The confirmation hearing was scheduled, but the lawyer did not receive notice of it until the day before the hearing. The lawyer objected to the untimely notice, and the court adjourned the confirmation hearing. The clients hired other counsel and immediately filed for bankruptcy, which resulted in a stay of the foreclosure. The stay was lifted four months later and the sheriff's sale was confirmed two months after the stay was lifted.

    By failing to provide the clients with copies of the default and judgment documents filed by the lender, the lawyer failed to keep the clients reasonably informed about the status of the foreclosure, in violation of SCR 20:1.4(a).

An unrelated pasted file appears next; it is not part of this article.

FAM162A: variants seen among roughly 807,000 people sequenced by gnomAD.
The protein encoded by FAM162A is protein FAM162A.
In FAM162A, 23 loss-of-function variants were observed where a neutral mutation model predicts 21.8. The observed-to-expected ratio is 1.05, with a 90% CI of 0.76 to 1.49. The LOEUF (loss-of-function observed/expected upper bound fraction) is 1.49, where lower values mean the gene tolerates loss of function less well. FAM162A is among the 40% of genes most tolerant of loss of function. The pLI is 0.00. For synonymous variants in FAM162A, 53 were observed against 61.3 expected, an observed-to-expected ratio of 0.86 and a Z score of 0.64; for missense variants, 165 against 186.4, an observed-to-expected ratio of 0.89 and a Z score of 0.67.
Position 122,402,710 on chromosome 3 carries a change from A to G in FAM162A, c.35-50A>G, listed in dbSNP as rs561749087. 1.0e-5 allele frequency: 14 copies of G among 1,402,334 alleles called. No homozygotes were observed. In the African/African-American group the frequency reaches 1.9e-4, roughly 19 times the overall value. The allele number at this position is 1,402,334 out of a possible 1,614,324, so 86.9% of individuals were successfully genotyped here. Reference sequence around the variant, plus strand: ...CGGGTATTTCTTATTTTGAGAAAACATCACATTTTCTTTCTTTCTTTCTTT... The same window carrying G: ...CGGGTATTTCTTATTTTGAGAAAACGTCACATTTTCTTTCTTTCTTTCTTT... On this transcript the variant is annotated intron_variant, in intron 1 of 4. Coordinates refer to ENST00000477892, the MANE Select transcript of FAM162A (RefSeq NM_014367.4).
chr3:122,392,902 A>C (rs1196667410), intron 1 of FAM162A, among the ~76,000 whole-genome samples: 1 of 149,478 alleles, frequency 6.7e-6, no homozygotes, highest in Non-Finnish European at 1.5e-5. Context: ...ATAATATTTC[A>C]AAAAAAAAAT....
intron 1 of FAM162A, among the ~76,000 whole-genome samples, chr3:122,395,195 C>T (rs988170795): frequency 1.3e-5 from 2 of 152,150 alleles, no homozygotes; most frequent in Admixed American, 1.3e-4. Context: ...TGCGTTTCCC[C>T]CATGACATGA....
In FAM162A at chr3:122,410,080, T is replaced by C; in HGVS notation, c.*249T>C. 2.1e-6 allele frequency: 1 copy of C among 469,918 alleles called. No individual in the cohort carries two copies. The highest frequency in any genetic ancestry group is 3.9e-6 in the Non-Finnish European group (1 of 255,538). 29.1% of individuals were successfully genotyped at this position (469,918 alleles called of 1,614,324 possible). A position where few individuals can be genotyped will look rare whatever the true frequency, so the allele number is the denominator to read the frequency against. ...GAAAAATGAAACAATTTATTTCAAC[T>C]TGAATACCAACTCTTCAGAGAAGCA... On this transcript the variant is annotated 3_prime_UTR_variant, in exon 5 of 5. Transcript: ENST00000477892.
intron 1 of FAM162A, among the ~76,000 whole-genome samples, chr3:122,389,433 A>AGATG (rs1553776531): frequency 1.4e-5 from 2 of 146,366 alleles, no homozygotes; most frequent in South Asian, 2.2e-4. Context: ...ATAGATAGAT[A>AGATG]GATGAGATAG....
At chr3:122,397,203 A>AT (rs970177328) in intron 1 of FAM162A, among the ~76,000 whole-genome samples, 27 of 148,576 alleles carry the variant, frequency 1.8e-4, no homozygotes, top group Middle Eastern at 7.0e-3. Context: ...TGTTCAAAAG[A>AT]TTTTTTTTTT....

By failing to discuss or explore the clients' legal options, the lawyer failed to explain the matter to the extent reasonably necessary to permit the clients to make informed decisions regarding the foreclosure and failed to undertake the preparation necessary to provide competent representation. This conduct violated SCR 20:1.4(b) and 20:1.1.

    This reprimand was conditioned on the lawyer attending CLE seminars addressing law office management and legal ethics.

    Neglect; Failure to Properly Communicate with Client

    Violations of SCR 20:1.3; SCR 20:1.4(a)

    A man was sentenced to eight years in prison after his probation was revoked. The State Public Defender (SPD) appointed an attorney to represent him. During their discussions, the attorney and the client adopted the strategy of waiting to file a motion for relief until the client had served two years of the sentence and participated in a rehabilitation program.